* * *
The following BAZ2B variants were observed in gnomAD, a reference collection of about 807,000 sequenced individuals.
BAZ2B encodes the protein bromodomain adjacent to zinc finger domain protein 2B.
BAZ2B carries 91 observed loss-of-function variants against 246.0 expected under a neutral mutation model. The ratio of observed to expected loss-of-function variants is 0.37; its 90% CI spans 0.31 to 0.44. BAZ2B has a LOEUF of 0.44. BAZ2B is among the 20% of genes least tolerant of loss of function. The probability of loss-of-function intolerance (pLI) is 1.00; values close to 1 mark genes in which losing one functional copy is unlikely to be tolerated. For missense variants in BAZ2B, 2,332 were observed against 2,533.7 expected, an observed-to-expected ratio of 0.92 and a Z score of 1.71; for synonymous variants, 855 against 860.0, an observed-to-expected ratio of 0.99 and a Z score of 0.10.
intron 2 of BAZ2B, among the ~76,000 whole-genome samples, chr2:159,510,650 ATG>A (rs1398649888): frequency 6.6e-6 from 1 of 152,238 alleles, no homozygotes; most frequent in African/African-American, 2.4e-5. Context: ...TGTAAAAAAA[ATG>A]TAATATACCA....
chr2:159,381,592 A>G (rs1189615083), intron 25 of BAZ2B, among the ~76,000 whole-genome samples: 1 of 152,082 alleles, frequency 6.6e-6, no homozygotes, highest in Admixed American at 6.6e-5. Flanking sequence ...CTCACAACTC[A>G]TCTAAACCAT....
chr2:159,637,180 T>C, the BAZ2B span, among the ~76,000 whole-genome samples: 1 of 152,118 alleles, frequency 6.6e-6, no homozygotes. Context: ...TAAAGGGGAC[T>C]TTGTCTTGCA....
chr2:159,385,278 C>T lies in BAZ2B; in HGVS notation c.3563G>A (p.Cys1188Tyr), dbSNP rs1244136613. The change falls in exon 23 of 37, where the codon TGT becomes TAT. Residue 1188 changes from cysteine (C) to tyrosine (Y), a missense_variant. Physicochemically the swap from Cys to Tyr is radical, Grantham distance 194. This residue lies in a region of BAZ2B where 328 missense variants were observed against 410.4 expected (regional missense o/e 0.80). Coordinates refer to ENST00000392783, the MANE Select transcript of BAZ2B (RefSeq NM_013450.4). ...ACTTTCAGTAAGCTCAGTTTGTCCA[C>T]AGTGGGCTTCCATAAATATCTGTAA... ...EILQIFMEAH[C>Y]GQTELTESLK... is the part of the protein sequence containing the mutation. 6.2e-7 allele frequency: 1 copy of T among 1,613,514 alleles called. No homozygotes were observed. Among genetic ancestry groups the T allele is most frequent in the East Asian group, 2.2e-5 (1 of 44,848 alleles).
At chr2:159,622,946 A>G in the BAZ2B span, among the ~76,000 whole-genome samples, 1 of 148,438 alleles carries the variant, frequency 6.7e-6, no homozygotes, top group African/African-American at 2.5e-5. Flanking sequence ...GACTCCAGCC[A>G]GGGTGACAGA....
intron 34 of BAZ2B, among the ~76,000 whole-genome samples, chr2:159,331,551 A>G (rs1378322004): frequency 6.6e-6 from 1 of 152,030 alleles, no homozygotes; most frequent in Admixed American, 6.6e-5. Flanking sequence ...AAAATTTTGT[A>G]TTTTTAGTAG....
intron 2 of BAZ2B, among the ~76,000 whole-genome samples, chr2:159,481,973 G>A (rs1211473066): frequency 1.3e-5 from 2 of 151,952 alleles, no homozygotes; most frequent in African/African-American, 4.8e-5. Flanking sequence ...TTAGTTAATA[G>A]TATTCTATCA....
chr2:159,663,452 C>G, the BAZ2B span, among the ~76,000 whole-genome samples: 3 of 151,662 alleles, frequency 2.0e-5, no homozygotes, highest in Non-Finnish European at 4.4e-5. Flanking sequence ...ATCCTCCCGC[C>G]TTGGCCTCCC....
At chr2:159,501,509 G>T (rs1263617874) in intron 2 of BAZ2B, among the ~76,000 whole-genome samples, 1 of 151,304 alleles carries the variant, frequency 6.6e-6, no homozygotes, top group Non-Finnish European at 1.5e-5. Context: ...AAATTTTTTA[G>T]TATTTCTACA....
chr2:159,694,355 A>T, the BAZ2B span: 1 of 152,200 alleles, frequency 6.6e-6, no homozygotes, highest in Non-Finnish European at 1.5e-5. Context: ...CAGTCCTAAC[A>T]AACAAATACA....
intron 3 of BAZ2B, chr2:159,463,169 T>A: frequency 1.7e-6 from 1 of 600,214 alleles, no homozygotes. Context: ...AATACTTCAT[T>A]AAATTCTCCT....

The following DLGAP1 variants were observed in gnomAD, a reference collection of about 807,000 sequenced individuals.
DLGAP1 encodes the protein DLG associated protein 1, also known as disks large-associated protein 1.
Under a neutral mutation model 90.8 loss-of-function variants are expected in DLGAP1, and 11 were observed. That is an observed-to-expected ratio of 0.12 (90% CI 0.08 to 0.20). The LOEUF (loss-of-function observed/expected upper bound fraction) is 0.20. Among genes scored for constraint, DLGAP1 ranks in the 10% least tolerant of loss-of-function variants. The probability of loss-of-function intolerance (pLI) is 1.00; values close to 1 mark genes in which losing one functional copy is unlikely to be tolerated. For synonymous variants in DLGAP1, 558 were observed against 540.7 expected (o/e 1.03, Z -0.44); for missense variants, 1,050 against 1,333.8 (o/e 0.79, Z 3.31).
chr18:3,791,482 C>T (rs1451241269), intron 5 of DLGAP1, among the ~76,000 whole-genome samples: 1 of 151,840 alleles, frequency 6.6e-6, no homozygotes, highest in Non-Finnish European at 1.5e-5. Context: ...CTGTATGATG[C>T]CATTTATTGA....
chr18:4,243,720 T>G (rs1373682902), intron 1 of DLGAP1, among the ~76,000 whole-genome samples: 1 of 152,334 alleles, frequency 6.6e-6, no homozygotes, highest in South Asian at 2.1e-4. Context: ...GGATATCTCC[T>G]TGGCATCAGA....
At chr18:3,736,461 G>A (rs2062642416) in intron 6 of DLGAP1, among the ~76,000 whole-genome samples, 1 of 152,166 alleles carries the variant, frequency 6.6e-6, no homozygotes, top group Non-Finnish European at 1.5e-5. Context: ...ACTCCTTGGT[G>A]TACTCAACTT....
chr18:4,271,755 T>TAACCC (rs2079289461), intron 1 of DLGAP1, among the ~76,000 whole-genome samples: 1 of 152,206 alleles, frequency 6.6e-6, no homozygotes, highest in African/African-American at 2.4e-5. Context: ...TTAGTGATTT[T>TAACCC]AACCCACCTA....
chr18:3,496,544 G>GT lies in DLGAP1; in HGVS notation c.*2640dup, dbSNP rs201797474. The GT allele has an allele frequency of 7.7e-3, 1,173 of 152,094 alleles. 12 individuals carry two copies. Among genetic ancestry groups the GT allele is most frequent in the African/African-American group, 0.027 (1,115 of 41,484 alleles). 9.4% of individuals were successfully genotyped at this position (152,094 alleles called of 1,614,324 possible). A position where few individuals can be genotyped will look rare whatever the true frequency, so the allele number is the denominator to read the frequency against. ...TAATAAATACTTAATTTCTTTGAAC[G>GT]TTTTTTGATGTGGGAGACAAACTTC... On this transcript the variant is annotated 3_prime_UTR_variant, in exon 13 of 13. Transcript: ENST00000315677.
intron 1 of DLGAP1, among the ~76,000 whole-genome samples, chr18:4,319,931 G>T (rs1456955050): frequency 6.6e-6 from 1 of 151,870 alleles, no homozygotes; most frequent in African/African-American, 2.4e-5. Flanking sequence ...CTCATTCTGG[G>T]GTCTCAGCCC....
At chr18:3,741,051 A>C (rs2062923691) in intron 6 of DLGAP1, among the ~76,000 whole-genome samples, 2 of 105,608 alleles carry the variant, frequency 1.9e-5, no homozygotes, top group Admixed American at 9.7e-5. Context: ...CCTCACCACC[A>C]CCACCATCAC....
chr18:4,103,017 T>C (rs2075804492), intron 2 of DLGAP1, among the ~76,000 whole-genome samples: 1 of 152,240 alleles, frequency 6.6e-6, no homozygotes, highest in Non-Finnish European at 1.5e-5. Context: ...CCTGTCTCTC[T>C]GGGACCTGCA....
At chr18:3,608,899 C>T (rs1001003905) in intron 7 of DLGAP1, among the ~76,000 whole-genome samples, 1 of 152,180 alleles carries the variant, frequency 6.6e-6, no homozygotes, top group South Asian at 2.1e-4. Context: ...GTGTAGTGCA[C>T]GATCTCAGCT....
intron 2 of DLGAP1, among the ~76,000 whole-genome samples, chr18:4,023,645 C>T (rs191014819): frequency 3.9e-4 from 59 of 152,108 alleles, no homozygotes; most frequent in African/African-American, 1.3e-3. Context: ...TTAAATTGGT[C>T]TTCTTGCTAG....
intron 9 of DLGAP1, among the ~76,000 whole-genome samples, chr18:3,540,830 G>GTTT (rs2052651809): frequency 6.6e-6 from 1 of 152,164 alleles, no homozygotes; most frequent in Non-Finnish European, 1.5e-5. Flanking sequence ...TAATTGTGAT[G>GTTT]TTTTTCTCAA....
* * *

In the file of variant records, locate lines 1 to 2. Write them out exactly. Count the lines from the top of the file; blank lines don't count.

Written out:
The following BAZ2B variants were observed in gnomAD, a reference collection of about 807,000 sequenced individuals.
BAZ2B encodes the protein bromodomain adjacent to zinc finger domain protein 2B.